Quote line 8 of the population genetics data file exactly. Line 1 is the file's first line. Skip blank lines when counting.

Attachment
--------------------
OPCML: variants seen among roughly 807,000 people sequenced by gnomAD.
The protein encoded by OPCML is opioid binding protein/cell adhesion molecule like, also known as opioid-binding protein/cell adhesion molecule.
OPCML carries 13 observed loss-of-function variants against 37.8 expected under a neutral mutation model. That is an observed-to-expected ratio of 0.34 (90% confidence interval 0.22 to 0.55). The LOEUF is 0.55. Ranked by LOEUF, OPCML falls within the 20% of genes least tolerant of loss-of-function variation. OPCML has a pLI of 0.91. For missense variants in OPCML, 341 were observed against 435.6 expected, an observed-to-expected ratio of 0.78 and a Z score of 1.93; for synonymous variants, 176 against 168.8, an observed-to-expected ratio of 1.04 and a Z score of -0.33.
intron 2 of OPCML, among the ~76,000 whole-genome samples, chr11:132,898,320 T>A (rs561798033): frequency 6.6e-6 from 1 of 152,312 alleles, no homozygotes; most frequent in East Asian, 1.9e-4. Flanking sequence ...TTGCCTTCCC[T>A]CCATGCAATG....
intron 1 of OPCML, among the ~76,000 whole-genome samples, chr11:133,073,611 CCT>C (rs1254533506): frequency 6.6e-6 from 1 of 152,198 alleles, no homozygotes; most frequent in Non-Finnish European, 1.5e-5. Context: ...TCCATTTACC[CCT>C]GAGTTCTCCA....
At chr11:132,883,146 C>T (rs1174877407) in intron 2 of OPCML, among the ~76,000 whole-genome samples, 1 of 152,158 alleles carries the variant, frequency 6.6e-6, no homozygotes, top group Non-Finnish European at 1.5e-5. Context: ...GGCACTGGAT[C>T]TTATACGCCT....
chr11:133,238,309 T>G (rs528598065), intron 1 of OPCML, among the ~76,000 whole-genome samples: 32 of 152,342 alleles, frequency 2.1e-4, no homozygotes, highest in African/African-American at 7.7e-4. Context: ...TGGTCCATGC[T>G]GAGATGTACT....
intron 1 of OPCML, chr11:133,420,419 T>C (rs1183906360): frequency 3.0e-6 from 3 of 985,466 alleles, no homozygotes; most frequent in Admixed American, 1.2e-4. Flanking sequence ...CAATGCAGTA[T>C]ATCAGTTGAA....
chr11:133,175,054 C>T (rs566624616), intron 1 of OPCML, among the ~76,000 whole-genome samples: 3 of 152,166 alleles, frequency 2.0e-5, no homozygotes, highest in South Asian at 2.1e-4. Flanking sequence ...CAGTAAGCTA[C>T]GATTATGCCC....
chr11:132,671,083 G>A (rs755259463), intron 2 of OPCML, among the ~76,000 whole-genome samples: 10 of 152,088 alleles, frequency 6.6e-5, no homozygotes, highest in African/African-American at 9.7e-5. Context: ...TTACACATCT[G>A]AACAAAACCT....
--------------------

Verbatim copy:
intron 1 of OPCML, chr11:133,420,419 T>C (rs1183906360): frequency 3.0e-6 from 3 of 985,466 alleles, no homozygotes; most frequent in Admixed American, 1.2e-4. Flanking sequence ...CAATGCAGTA[T>C]ATCAGTTGAA....